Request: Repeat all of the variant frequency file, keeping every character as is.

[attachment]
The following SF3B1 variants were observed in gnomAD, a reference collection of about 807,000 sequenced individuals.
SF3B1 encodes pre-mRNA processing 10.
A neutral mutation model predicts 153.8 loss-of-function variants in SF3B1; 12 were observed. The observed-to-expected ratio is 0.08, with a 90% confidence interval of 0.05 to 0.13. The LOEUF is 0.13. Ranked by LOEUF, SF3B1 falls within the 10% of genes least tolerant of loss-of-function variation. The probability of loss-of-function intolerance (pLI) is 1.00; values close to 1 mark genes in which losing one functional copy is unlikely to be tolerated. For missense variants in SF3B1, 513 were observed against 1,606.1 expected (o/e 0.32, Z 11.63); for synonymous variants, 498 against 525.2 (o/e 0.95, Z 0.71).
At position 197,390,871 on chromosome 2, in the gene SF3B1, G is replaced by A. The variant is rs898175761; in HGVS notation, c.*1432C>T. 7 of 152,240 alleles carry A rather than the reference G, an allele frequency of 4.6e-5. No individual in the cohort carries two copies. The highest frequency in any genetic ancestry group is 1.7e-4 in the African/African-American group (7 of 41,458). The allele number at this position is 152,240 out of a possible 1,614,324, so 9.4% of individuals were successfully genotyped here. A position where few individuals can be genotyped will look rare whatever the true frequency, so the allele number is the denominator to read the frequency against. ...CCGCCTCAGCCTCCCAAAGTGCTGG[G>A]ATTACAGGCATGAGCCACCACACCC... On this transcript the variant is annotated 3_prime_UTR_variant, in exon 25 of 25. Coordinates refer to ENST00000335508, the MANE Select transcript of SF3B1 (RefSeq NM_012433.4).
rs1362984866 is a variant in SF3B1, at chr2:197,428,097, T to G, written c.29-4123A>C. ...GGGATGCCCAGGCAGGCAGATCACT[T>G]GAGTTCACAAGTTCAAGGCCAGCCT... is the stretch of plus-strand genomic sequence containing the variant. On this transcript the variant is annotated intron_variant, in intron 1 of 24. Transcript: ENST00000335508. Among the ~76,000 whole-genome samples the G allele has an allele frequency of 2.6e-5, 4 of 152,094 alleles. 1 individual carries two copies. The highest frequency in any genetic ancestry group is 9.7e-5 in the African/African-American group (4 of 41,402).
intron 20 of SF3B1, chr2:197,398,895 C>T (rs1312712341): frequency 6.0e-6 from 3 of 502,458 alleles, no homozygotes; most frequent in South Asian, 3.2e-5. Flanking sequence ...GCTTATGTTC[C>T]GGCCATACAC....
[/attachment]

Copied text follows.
The following SF3B1 variants were observed in gnomAD, a reference collection of about 807,000 sequenced individuals.
SF3B1 encodes pre-mRNA processing 10.
A neutral mutation model predicts 153.8 loss-of-function variants in SF3B1; 12 were observed. The observed-to-expected ratio is 0.08, with a 90% confidence interval of 0.05 to 0.13. The LOEUF is 0.13. Ranked by LOEUF, SF3B1 falls within the 10% of genes least tolerant of loss-of-function variation. The probability of loss-of-function intolerance (pLI) is 1.00; values close to 1 mark genes in which losing one functional copy is unlikely to be tolerated. For missense variants in SF3B1, 513 were observed against 1,606.1 expected (o/e 0.32, Z 11.63); for synonymous variants, 498 against 525.2 (o/e 0.95, Z 0.71).
At position 197,390,871 on chromosome 2, in the gene SF3B1, G is replaced by A. The variant is rs898175761; in HGVS notation, c.*1432C>T. 7 of 152,240 alleles carry A rather than the reference G, an allele frequency of 4.6e-5. No individual in the cohort carries two copies. The highest frequency in any genetic ancestry group is 1.7e-4 in the African/African-American group (7 of 41,458). The allele number at this position is 152,240 out of a possible 1,614,324, so 9.4% of individuals were successfully genotyped here. A position where few individuals can be genotyped will look rare whatever the true frequency, so the allele number is the denominator to read the frequency against. ...CCGCCTCAGCCTCCCAAAGTGCTGG[G>A]ATTACAGGCATGAGCCACCACACCC... On this transcript the variant is annotated 3_prime_UTR_variant, in exon 25 of 25. Coordinates refer to ENST00000335508, the MANE Select transcript of SF3B1 (RefSeq NM_012433.4).
rs1362984866 is a variant in SF3B1, at chr2:197,428,097, T to G, written c.29-4123A>C. ...GGGATGCCCAGGCAGGCAGATCACT[T>G]GAGTTCACAAGTTCAAGGCCAGCCT... is the stretch of plus-strand genomic sequence containing the variant. On this transcript the variant is annotated intron_variant, in intron 1 of 24. Transcript: ENST00000335508. Among the ~76,000 whole-genome samples the G allele has an allele frequency of 2.6e-5, 4 of 152,094 alleles. 1 individual carries two copies. The highest frequency in any genetic ancestry group is 9.7e-5 in the African/African-American group (4 of 41,402).
intron 20 of SF3B1, chr2:197,398,895 C>T (rs1312712341): frequency 6.0e-6 from 3 of 502,458 alleles, no homozygotes; most frequent in South Asian, 3.2e-5. Flanking sequence ...GCTTATGTTC[C>T]GGCCATACAC....